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PC shut off and wont turn on with video card installed

Last response: in Components
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October 5, 2010 11:41:39 AM

I was playing Darksiders when my pc suddenly turned off. Now my pc wont power back on unless I unplug the psu from the video card. My pc powers on with the card still in the pci-e slot as long as the psu cables are not connected to the card, however I cannot use my pc like this of course. My question is did my video card die, or is the problem my psu?

If it helps heres my specs:

sapphire ati radeon 4850 x2
PC Power and Cooling S75CF 750W
Intel Core 2 Duo E8400 Wolfdale @ 4.00ghz
G.SKILL 4GB (2 x 2GB) 240-Pin DDR2 SDRAM DDR2 1066 (PC2 8500)
GIGABYTE GA-EP45-UD3P Motherboard

Running windows 7 64 bit ultimate edition
October 5, 2010 5:18:10 PM

Well the most obvious seems to be something wrong with the PSU. Also you listed having 2 video cards, you might want to try using one card a time to see what happens because I doubt both of your video cards crapped out unless they were being starved of energy somehow.
a b ) Power supply
a b U Graphics card
October 5, 2010 5:41:22 PM

How old is the PSU?
Related resources
a c 144 ) Power supply
a b U Graphics card
October 5, 2010 7:50:42 PM

Do you have two 4850's or one 4850x2?

Work through our standard checklist and troubleshooting thread:
http://www.tomshardware.com/forum/261145-31-read-postin...
I mean work through, not just read over it. We spent a lot of time on this. It should find most of the problems.

If not, continue.

I have tested the following beep patterns on Gigabyte, eVGA, and ECS motherboards. Other BIOS' may be different.

Breadboard - that will help isolate any kind of case problem you might have.
http://www.tomshardware.com/forum/262730-31-breadboardi...

Breadboard with just motherboard, CPU & HSF, case speaker, and PSU.

Make sure you plug the CPU power cable in. The system will not boot without it.

I always breadboard a new build. It takes only a few minutes, and you know you are putting good parts in the case.

You can turn on the PC by momentarily shorting the two pins that the case power switch goes to. You should hear a series of long, single beeps indicating memory problems. Silence indicates a problem with (in most likely order) the PSU, motherboard, or CPU. Remember, at this time, you do not have a graphics card installed so the load on your PSU will be reduced.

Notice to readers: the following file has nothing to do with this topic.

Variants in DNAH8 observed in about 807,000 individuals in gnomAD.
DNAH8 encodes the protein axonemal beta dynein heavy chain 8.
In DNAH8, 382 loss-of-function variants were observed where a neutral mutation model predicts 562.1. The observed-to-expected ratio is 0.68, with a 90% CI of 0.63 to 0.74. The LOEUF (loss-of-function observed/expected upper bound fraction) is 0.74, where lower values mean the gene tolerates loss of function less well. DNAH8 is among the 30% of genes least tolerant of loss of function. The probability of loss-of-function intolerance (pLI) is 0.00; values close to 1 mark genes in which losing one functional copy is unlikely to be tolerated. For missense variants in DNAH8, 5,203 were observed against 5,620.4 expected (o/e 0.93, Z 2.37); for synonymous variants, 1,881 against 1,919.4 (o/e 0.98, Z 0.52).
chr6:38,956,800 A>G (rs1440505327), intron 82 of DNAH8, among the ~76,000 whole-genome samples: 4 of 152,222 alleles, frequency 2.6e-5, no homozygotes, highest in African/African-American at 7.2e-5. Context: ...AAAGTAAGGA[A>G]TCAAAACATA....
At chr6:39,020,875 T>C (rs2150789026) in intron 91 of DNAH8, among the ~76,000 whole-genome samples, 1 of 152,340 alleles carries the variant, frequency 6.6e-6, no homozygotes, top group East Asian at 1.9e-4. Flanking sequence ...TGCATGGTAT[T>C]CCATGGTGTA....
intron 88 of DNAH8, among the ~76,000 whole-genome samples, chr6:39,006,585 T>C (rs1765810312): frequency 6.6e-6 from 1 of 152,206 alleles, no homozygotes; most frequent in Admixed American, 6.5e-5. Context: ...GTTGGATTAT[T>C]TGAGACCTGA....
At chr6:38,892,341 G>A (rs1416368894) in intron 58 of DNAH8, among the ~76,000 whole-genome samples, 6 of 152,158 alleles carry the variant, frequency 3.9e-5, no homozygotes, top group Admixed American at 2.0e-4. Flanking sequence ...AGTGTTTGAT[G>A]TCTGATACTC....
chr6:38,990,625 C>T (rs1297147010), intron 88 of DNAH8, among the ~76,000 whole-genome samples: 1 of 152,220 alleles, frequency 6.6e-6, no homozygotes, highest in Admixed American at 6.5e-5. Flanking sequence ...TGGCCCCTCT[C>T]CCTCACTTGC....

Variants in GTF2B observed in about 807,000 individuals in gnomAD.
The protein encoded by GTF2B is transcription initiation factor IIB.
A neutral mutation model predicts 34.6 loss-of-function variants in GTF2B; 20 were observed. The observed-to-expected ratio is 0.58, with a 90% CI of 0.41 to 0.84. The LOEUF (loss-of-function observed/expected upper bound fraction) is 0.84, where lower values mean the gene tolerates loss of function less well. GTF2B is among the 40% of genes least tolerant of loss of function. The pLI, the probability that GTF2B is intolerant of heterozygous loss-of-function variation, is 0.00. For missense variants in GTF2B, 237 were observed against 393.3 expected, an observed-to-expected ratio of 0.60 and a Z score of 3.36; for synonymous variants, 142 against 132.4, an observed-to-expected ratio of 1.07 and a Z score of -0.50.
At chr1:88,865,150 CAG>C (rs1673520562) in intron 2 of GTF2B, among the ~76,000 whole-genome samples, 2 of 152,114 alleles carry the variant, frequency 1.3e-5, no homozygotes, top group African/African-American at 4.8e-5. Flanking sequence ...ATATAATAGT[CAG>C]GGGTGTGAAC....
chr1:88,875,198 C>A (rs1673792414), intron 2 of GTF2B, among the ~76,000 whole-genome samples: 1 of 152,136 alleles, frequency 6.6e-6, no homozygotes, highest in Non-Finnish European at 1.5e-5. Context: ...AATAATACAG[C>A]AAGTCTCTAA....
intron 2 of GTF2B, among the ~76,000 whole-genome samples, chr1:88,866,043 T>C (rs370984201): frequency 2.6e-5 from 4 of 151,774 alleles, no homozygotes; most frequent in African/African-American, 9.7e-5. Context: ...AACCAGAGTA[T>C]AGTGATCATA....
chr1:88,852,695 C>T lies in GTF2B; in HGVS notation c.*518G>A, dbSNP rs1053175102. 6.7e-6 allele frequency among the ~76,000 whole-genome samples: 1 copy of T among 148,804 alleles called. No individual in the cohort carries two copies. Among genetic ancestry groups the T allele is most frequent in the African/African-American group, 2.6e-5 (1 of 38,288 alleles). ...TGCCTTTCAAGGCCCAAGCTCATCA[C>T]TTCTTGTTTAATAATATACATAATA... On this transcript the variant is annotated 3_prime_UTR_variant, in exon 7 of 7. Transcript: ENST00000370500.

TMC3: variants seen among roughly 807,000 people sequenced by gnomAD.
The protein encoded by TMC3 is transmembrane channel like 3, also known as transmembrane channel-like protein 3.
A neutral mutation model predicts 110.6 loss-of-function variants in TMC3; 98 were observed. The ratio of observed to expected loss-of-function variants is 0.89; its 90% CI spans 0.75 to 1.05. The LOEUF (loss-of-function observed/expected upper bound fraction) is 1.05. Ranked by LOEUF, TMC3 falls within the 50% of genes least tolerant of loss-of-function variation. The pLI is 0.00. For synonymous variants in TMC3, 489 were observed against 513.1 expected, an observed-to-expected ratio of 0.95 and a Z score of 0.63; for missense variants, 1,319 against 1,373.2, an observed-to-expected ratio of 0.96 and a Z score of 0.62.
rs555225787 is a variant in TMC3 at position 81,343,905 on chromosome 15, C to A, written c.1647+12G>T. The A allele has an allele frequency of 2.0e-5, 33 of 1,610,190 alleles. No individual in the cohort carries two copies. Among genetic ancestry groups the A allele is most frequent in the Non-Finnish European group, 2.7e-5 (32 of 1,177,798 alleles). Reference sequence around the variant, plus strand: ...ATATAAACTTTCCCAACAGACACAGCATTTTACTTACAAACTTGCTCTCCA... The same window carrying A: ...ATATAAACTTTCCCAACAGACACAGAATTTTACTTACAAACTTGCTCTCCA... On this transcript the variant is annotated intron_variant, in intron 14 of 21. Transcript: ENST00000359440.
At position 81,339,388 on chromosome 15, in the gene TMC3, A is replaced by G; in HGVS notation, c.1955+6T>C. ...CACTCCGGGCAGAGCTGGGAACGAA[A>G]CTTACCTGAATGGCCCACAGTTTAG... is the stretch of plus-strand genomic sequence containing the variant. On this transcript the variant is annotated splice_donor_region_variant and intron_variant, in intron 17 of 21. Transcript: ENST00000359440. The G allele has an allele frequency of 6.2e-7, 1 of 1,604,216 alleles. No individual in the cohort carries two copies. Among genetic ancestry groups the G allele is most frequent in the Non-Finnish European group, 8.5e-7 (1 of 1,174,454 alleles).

If no beeps:
Running fans and drives and motherboard LED's do not necessarily indicate a good PSU. In the absence of a single short beep, they also do not indicate that the system is booting.

At this point, you can sort of check the PSU. Try to borrow a known good PSU of around 550 - 600 watts. That will power just about any system with a single GPU. If you cannot do that, use a DMM to measure the voltages. Measure between the colored wires and either chassis ground or the black wires. Yellow wires should be 12 volts. Red wires: +5 volts, orange wires: +3.3 volts, blue wire : -12 volts, violet wire: 5 volts always on. Tolerances are +/- 5% except for the -12 volts which is +/- 10%.

The gray wire is really important. It should go from 0 to +5 volts when you turn the PSU on with the case switch. CPU needs this signal to boot.

You can turn on the PSU by completely disconnecting the PSU and using a paperclip or jumper wire to short the green wire to one of the neighboring black wires.
http://www.youtube.com/watch?v=5FWXgQSokF4&feature=yout...

This checks the PSU under no load conditions, so it is not completely reliable. But if it can not pass this, it is dead. Then repeat the checks with the PSU plugged into the computer to put a load on the PSU.

If the system beeps:
If it looks like the PSU is good, install a memory stick. Boot. Beep pattern should change to one long and several short beeps indicating a missing graphics card.

Silence or long single beeps indicate a problem with the memory.

Insert the video card and connect any necessary PCIe power connectors. Boot. At this point, the system should POST successfully (a single short beep). Notice that you do not need keyboard, mouse, monitor, or drives to successfully POST.

Now start connecting the rest of the devices starting with the monitor, then keyboard and mouse, then the rest of the devices, testing after each step. It's possible that you can pass the POST with a defective video card. The POST routines can only check the video interface. It cannot check the internal parts of the video card.
October 5, 2010 11:22:36 PM

Sorry I have one 4850x2 and the psu is 2.5 years old.
!